Exploring the Resurfaced SS Monte Carlo in Coronado, California
On New Years Eve in 1936, a huge storm caused the anchor chain of the S.S. Monte Carlo to snap, setting the ship adrift. After a few frantic hours, the ship ran aground on a Coronado beach, and there it was left, eventually being buried by the waves and sand, returning every so often when the weather and tides line up.
The Monte Carlo started its life as an experiment. With metal shortages due to the first World War, the government wanted to test alternative ship building materials, and ended up making a small number of ships out of concrete.
After a decade as a civilian oil tanker, in 1932 the Monte Carlo was turned into a floating casino, to be anchored off the coast of California in order to evade the state’s authorities. The ship was called the finest pleasure ship on the seas, where you could find gambling, alcohol, and women. Business was good.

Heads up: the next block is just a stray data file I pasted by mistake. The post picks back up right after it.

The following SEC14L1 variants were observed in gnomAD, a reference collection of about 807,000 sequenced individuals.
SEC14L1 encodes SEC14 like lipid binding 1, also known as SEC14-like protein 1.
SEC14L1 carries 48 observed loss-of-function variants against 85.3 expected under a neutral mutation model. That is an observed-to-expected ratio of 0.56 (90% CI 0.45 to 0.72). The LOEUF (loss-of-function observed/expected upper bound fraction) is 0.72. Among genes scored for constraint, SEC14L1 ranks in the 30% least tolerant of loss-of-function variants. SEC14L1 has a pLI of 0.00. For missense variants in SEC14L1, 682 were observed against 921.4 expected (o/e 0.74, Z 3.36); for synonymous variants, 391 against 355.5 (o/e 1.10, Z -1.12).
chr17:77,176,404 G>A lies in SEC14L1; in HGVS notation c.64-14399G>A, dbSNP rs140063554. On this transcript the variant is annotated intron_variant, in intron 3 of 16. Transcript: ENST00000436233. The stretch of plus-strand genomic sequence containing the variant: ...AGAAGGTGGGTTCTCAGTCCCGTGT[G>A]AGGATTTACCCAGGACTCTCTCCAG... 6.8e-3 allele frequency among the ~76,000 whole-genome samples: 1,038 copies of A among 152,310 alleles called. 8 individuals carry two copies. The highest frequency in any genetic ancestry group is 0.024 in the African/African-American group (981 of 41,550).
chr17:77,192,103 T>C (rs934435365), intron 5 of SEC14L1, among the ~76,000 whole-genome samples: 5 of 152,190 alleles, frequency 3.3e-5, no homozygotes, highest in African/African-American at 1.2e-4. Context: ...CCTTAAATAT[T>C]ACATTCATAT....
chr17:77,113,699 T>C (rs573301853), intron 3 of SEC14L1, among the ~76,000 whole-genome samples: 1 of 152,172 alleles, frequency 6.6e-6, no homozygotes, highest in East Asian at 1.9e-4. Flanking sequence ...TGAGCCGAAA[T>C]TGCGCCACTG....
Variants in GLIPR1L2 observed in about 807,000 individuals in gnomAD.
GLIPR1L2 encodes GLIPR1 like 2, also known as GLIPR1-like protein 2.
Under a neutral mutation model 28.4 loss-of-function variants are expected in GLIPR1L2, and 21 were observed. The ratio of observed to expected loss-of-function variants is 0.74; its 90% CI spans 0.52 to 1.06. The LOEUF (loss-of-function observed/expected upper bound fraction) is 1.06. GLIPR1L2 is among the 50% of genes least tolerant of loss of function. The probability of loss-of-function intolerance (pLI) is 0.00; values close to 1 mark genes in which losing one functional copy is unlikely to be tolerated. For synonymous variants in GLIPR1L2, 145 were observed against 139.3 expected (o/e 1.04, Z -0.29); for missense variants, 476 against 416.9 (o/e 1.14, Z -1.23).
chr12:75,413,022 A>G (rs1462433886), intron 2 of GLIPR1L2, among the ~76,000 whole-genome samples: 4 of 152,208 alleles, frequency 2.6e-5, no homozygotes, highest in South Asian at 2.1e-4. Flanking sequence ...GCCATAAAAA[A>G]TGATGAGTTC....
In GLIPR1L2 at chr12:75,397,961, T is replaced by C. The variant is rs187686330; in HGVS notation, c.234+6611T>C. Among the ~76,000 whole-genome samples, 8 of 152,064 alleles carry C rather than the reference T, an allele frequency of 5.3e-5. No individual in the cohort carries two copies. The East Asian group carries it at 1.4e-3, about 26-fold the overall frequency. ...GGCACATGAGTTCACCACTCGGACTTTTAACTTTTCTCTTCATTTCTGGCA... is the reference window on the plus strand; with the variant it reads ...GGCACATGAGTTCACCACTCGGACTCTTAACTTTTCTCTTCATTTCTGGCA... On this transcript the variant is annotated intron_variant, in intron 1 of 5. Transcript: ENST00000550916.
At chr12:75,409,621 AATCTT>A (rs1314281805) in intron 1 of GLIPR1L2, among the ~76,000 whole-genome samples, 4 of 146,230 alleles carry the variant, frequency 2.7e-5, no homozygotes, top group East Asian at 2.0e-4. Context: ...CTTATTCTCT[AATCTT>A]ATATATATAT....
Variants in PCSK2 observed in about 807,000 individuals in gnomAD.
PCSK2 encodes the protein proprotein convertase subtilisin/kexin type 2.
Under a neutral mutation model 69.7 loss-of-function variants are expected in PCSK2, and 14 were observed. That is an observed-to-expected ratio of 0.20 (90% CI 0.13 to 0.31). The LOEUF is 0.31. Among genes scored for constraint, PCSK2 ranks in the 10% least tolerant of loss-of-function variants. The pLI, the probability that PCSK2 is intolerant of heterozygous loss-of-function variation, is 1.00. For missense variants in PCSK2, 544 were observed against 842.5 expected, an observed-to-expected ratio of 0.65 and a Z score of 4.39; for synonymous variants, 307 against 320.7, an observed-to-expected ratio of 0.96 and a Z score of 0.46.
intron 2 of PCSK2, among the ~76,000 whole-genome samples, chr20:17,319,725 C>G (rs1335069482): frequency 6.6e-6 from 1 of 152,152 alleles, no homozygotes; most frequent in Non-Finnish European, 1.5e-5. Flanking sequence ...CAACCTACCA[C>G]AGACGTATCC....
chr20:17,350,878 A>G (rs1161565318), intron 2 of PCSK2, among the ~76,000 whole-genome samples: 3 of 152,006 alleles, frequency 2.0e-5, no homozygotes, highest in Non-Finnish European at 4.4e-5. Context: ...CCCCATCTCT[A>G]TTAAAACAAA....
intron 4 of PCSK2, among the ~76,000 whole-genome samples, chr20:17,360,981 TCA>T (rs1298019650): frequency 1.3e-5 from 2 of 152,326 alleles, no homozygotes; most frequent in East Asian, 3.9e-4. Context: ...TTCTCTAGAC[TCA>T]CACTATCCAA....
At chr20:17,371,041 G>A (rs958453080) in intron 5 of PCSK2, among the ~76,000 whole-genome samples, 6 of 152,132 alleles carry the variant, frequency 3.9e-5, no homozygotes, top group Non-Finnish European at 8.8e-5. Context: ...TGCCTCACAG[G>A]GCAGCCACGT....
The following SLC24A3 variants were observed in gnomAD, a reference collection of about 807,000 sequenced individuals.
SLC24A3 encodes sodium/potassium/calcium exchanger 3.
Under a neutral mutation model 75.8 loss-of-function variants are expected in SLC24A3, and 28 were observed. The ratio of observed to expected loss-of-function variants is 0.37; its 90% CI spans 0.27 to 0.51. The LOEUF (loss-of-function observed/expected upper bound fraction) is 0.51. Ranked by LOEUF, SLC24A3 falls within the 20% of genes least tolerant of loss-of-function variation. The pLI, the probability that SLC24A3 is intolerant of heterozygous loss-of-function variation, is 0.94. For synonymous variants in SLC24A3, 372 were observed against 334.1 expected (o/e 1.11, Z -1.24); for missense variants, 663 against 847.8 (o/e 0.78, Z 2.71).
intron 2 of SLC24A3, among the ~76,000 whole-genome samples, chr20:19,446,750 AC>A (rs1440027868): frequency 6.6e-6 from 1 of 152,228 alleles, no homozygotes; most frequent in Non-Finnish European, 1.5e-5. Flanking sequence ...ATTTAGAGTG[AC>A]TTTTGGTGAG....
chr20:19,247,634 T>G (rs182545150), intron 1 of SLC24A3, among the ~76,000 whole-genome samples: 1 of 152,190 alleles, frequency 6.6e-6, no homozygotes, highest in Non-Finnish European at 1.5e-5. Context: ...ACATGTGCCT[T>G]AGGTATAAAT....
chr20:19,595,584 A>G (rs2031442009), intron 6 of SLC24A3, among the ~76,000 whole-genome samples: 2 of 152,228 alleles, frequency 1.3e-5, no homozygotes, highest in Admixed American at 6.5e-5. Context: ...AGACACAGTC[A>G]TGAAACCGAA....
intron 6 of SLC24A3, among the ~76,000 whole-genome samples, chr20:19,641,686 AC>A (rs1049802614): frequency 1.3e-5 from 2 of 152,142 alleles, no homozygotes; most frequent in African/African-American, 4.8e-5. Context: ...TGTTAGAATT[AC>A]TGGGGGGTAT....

Despite being off shore, that didn’t keep the authorities away, and over it’s life, the Monte Carlo had several run ins with authorities, and one run in with pirates, leading to one of the largest acts of piracy in California history.
Eventually the ship was moved to the San Diego area, to be anchored offshore at Coronado, in order to take advantage of the city’s more lax attitude and Navy presence, little did they know the ship would never leave.
With some of the lowest tides of the year lining up with a large storm just days before, we had the rare opportunity to visit the shipwreck of the Monte Carlo.
The Monte Carlo is located at 32.67428086999125, -117.17318625228116
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